Defects in Amusement Park Rides
On the evening of Thursday, June 14, a rollercoaster in Daytona Beach derailed and sent six riders to the hospital. In August 2016, a 10-year-old boy died while riding a waterslide in Kansas City. Both of these traumatic events have sparked investigations into the designs of the rides and the liability of amusement parks.
Sand Blaster in Daytona Beach
Six of the ten riders on the Sand Blaster roller coaster were rushed to the hospital after the three-car coaster was jostled off its tracks in the middle of the ride. Two of the riders were transported as trauma alerts. The car carrying the front two riders came completely off the track and caused the two front riders to fall over 30 feet to the ground. Other riders were left helplessly dangling. While it has not been determined why exactly the car came off the track, a local news report indicated that the ride had a “spotty maintenance record.” The coaster opened on the Boardwalk in August 2013. It was bought from a park in Delaware and was 40 years old at the time.
Is the Rollercoaster Safe?
Cell phone footage taken just hours before the crash showed workers welding parts of the ride. Records show that the ride had been closed at least once in seven of the last 18 months due to failed safety inspections. The most recent failed inspection occurred on May 17, less than one month before the accident. Deficiencies listed on that inspection report included structural integrity with excessive corrosion, a cracked track, and cracked bracing. The inspection report from the morning of the accident stated “deficiencies corrected.” The Florida Department of Agriculture has launched a new investigation into the ride’s design. Some individuals injured in this accident are pursuing a lawsuit against the park. The park could be held liable for the injuries of the riders if investigations show park owners were negligent in their maintenance of the ride.
Verrückt in Kansas City
Verrückt is the German word for insane. Unfortunately, the ride lived up to its name when a raft launched off the slide and caused the death of a ten-year-old boy. The boy was decapitated by the netting surrounding the slide. Since his death in 2016, the ride has been permanently closed and the park’s owner and co-designer of the ride, Jeff Henry, and ride designer, John Schooley, have been arrested and charged with second degree murder in addition to 17 other felonies. These men allegedly made improper operation and design decisions despite the known dangers of the slide. Verrückt was the tallest waterslide when it opened in 2014, standing at 168’7”.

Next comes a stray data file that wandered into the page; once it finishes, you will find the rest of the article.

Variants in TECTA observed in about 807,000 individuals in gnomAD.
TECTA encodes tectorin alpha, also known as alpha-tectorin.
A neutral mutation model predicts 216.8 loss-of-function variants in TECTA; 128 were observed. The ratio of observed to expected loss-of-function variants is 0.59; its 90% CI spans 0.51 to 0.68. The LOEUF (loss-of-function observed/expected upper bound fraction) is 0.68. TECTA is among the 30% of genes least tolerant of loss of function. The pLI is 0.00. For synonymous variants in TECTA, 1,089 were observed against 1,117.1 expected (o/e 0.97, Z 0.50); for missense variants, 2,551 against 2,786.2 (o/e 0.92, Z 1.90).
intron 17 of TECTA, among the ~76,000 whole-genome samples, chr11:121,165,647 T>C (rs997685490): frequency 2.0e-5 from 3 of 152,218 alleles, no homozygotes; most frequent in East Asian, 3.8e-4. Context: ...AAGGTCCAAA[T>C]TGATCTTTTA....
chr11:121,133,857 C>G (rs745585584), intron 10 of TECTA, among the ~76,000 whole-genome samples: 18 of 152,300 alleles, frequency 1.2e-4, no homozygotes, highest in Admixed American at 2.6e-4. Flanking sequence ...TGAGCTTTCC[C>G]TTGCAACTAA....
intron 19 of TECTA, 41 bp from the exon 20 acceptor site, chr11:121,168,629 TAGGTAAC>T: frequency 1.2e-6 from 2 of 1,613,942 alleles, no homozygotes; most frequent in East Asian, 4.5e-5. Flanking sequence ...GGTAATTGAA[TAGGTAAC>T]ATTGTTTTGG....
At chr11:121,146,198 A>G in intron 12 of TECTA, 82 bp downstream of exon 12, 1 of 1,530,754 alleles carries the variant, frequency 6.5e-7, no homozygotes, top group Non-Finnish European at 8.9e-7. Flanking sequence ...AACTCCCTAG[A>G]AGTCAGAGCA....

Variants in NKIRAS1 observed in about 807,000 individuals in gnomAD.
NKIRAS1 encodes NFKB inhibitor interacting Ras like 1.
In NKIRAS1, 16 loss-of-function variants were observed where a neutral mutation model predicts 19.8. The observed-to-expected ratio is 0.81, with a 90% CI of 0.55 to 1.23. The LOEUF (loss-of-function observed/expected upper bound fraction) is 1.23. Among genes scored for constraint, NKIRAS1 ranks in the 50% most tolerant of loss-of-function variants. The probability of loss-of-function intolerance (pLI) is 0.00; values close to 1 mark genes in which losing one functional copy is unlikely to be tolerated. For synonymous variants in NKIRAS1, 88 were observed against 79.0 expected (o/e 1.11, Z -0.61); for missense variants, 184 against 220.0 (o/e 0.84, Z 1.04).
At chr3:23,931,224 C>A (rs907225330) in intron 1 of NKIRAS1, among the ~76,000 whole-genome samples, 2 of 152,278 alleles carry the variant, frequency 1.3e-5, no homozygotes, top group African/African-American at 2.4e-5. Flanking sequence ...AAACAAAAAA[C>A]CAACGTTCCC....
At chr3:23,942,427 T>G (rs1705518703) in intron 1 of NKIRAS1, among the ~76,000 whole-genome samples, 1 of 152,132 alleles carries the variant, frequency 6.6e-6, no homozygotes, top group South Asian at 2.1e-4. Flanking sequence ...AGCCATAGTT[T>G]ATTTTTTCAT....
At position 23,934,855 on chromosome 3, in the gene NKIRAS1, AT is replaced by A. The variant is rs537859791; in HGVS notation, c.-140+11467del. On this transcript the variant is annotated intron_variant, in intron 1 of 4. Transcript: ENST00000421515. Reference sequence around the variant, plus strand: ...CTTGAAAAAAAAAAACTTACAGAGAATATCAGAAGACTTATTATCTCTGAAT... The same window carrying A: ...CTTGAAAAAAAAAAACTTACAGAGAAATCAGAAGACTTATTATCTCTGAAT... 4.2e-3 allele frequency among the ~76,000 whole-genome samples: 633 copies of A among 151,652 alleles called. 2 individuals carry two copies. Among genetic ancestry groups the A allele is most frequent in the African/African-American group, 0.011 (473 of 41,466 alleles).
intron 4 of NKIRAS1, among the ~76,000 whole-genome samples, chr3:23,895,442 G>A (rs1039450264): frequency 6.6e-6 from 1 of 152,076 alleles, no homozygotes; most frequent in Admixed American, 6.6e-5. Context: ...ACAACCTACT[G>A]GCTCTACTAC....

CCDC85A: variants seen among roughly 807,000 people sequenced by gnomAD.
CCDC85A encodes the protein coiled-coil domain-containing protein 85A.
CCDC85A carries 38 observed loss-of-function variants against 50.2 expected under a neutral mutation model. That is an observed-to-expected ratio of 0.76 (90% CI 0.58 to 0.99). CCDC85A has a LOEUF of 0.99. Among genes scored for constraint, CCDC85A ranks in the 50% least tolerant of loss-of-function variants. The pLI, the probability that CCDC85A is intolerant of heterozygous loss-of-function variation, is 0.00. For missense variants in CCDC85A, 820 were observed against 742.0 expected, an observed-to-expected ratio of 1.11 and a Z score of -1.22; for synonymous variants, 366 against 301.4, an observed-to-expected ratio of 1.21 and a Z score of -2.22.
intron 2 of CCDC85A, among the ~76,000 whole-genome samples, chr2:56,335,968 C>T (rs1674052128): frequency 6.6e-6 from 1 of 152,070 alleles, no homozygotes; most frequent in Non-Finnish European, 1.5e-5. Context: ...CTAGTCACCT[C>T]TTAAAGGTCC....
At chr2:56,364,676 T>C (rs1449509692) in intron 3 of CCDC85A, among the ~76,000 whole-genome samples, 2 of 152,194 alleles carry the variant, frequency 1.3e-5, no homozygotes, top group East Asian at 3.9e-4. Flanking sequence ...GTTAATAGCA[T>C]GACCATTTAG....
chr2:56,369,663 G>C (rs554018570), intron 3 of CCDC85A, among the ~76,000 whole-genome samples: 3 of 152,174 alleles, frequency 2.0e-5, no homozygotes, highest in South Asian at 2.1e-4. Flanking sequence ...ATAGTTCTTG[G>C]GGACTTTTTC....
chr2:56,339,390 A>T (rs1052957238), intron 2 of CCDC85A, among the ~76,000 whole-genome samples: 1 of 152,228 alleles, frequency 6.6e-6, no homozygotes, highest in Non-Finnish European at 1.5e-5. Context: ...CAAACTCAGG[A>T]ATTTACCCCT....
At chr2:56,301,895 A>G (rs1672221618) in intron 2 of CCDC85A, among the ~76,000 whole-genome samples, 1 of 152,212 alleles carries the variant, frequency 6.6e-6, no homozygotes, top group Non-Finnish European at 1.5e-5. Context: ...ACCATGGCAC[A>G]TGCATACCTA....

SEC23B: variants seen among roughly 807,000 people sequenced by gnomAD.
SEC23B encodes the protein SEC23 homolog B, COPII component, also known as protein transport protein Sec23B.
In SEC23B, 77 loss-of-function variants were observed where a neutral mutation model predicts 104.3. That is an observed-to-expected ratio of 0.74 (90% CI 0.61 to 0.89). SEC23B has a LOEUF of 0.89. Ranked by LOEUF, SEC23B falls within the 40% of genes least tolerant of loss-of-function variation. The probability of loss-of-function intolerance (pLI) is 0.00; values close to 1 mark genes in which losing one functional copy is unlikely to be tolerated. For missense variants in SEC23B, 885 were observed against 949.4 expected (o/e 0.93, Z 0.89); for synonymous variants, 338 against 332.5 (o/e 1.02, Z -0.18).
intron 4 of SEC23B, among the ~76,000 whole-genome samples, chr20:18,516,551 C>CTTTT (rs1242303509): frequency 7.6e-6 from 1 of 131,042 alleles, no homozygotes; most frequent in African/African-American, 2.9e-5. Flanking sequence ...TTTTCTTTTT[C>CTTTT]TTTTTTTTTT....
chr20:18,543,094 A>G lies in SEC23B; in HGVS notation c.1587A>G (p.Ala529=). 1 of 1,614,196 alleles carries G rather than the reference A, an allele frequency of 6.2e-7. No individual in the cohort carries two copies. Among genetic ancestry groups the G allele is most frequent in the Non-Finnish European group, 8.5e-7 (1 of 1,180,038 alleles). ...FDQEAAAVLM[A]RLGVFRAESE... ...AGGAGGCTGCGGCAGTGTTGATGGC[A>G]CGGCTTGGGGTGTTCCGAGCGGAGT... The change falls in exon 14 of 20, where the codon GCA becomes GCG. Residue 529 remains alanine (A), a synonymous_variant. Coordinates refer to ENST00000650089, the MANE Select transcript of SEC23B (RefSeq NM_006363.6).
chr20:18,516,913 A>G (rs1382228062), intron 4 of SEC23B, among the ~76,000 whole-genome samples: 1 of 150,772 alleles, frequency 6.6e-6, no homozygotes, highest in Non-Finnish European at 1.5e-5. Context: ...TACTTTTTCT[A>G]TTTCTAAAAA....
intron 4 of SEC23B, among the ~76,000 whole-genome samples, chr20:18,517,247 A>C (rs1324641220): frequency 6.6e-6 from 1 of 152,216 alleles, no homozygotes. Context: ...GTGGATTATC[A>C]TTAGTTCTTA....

Never Safe to Begin With
The Verrückt waterslide’s grand opening was delayed several times due to design defects. For example, in April 2014 sandbags were seen flying off the ride during testing, so the park reconstructed the lower section of the ride. Henry and Schooley originally considered having an age restriction on the ride because of its extreme nature but decided to remove it shortly before it opened. An investigation later found that neither of these men had the engineering experience necessary for designing such a complex water slide.
Authorities stated that the boy was sitting in the front of the raft and, at only 74 pounds, caused an uneven distribution of weight that contributed to the raft going airborne. Had he been in the center of the raft between the two other riders – both weighing around 200 lbs – the raft may have never left the slide. But that is beside the point. If a ride’s safety depends on the weight distribution of its riders, it is not a safe ride to begin with.
Holding Negligent Parties Accountable
Amusement park owners and ride designers have a duty to ensure rides are designed carefully and receive frequent safety inspections. Further, amusement park employees and customers need to follow the rules of each ride. The rules are based on the safety considerations for each ride and are intended to keep patrons safe. As we see in these two sad stories, tragedies can happen when rides are rushed through the design and inspection processes. GoldenbergLaw is committed to holding negligent designers and manufacturers accountable for not prioritizing the safety of the product. Contact us for a free consultation.